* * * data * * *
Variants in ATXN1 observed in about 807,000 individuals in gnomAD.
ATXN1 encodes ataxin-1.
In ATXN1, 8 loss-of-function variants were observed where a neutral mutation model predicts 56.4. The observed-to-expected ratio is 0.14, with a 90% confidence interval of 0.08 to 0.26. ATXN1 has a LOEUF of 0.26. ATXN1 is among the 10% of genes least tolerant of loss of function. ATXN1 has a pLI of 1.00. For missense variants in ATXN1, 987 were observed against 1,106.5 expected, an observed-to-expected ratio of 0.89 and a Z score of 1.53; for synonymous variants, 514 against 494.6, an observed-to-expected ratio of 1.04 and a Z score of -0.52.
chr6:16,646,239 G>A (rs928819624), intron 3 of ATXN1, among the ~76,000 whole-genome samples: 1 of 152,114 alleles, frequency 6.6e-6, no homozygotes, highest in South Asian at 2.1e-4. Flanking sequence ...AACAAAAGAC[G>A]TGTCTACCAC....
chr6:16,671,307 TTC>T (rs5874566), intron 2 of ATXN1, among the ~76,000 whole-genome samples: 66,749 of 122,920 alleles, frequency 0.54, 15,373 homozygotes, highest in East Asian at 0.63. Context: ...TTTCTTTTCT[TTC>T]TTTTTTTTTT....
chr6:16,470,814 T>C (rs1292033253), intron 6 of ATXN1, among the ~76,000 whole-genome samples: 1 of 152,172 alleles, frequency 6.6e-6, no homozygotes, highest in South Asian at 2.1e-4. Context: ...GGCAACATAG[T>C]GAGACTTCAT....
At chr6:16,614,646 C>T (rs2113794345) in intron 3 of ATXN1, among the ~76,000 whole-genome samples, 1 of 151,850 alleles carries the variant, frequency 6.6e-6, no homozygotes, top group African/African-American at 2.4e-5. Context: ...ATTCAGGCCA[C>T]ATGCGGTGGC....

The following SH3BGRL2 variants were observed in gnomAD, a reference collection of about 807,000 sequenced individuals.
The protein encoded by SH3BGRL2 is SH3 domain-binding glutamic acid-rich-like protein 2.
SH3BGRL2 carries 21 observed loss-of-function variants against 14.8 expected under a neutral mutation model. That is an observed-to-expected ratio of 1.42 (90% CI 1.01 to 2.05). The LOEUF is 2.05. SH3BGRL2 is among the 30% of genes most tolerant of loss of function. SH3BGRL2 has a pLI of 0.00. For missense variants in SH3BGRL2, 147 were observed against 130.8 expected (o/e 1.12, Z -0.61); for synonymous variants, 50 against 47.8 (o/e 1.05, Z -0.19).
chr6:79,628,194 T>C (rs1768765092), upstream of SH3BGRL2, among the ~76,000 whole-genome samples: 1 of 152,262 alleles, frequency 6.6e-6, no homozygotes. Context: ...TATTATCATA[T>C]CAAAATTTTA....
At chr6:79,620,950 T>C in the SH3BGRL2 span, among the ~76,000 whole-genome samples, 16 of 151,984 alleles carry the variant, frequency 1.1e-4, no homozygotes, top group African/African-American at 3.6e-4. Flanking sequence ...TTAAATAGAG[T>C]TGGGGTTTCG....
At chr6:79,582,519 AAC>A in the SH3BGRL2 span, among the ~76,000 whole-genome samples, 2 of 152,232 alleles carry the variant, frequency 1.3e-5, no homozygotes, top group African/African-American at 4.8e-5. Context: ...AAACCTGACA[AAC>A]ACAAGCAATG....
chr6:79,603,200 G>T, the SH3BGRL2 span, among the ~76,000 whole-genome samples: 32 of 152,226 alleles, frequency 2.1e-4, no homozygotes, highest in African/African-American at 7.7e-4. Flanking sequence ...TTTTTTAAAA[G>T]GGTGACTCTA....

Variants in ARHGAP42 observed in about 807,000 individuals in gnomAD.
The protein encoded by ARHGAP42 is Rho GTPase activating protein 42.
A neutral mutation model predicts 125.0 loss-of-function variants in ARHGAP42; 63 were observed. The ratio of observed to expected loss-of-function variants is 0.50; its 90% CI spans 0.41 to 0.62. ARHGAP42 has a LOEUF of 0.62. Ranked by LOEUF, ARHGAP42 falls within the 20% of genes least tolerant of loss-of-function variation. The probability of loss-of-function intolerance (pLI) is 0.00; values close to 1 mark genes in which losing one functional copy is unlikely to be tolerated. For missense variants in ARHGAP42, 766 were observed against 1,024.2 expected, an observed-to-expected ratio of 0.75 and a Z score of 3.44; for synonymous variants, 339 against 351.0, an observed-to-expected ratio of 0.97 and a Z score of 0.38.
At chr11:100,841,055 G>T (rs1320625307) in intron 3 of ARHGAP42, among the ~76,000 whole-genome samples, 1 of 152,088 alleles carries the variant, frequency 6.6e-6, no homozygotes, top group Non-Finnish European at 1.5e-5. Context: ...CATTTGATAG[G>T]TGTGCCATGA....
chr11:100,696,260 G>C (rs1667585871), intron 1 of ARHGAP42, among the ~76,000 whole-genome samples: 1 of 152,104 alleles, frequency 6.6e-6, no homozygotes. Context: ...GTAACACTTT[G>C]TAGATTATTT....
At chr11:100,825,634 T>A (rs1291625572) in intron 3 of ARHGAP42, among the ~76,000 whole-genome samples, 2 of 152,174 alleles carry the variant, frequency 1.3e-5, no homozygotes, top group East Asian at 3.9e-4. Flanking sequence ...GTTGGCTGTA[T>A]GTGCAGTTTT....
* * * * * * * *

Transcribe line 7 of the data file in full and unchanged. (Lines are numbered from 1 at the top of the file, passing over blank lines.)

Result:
At chr6:16,614,646 C>T (rs2113794345) in intron 3 of ATXN1, among the ~76,000 whole-genome samples, 1 of 151,850 alleles carries the variant, frequency 6.6e-6, no homozygotes, top group African/African-American at 2.4e-5. Context: ...ATTCAGGCCA[C>T]ATGCGGTGGC....